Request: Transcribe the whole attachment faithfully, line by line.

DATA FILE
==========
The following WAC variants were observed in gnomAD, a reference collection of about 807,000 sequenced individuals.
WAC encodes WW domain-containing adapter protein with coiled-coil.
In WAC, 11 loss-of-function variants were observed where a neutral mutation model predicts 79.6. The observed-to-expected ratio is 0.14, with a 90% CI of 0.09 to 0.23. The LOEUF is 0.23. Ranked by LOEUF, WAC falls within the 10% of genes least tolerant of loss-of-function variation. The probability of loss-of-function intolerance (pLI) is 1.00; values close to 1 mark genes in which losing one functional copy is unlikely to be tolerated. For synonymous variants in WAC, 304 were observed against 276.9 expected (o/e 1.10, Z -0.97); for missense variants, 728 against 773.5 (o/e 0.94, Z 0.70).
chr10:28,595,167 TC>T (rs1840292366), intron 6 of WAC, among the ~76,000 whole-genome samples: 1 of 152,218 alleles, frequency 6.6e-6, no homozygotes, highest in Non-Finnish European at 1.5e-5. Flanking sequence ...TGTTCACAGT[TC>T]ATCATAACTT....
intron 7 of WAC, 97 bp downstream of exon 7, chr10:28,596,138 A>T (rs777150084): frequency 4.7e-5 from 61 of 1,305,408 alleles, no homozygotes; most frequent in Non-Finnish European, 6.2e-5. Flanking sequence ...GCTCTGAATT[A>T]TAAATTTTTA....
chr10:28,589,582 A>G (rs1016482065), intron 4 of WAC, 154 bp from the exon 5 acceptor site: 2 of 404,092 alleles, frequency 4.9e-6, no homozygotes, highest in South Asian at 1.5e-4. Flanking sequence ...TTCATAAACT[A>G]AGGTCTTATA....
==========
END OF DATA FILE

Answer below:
The following WAC variants were observed in gnomAD, a reference collection of about 807,000 sequenced individuals.
WAC encodes WW domain-containing adapter protein with coiled-coil.
In WAC, 11 loss-of-function variants were observed where a neutral mutation model predicts 79.6. The observed-to-expected ratio is 0.14, with a 90% CI of 0.09 to 0.23. The LOEUF is 0.23. Ranked by LOEUF, WAC falls within the 10% of genes least tolerant of loss-of-function variation. The probability of loss-of-function intolerance (pLI) is 1.00; values close to 1 mark genes in which losing one functional copy is unlikely to be tolerated. For synonymous variants in WAC, 304 were observed against 276.9 expected (o/e 1.10, Z -0.97); for missense variants, 728 against 773.5 (o/e 0.94, Z 0.70).
chr10:28,595,167 TC>T (rs1840292366), intron 6 of WAC, among the ~76,000 whole-genome samples: 1 of 152,218 alleles, frequency 6.6e-6, no homozygotes, highest in Non-Finnish European at 1.5e-5. Flanking sequence ...TGTTCACAGT[TC>T]ATCATAACTT....
intron 7 of WAC, 97 bp downstream of exon 7, chr10:28,596,138 A>T (rs777150084): frequency 4.7e-5 from 61 of 1,305,408 alleles, no homozygotes; most frequent in Non-Finnish European, 6.2e-5. Flanking sequence ...GCTCTGAATT[A>T]TAAATTTTTA....
chr10:28,589,582 A>G (rs1016482065), intron 4 of WAC, 154 bp from the exon 5 acceptor site: 2 of 404,092 alleles, frequency 4.9e-6, no homozygotes, highest in South Asian at 1.5e-4. Flanking sequence ...TTCATAAACT[A>G]AGGTCTTATA....